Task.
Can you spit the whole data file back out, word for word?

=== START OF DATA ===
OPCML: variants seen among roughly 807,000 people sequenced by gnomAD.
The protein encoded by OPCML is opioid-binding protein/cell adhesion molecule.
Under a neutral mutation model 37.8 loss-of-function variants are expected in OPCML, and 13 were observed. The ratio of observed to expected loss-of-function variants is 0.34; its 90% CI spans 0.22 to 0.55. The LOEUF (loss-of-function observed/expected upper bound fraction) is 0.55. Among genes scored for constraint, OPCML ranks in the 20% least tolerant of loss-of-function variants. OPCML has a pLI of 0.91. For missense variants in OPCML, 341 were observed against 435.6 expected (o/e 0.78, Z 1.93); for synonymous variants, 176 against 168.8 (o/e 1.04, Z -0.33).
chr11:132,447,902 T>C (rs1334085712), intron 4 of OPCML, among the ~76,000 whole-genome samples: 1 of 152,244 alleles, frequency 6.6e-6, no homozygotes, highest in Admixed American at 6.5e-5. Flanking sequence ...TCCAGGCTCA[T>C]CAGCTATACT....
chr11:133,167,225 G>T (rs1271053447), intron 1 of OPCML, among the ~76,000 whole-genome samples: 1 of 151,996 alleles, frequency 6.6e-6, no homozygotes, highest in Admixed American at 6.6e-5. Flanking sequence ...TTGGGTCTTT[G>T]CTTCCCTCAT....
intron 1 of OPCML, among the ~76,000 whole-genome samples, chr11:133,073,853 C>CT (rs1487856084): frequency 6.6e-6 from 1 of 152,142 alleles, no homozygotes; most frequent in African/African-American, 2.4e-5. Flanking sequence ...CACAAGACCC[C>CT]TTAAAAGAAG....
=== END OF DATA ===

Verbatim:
OPCML: variants seen among roughly 807,000 people sequenced by gnomAD.
The protein encoded by OPCML is opioid-binding protein/cell adhesion molecule.
Under a neutral mutation model 37.8 loss-of-function variants are expected in OPCML, and 13 were observed. The ratio of observed to expected loss-of-function variants is 0.34; its 90% CI spans 0.22 to 0.55. The LOEUF (loss-of-function observed/expected upper bound fraction) is 0.55. Among genes scored for constraint, OPCML ranks in the 20% least tolerant of loss-of-function variants. OPCML has a pLI of 0.91. For missense variants in OPCML, 341 were observed against 435.6 expected (o/e 0.78, Z 1.93); for synonymous variants, 176 against 168.8 (o/e 1.04, Z -0.33).
chr11:132,447,902 T>C (rs1334085712), intron 4 of OPCML, among the ~76,000 whole-genome samples: 1 of 152,244 alleles, frequency 6.6e-6, no homozygotes, highest in Admixed American at 6.5e-5. Flanking sequence ...TCCAGGCTCA[T>C]CAGCTATACT....
chr11:133,167,225 G>T (rs1271053447), intron 1 of OPCML, among the ~76,000 whole-genome samples: 1 of 151,996 alleles, frequency 6.6e-6, no homozygotes, highest in Admixed American at 6.6e-5. Flanking sequence ...TTGGGTCTTT[G>T]CTTCCCTCAT....
intron 1 of OPCML, among the ~76,000 whole-genome samples, chr11:133,073,853 C>CT (rs1487856084): frequency 6.6e-6 from 1 of 152,142 alleles, no homozygotes; most frequent in African/African-American, 2.4e-5. Flanking sequence ...CACAAGACCC[C>CT]TTAAAAGAAG....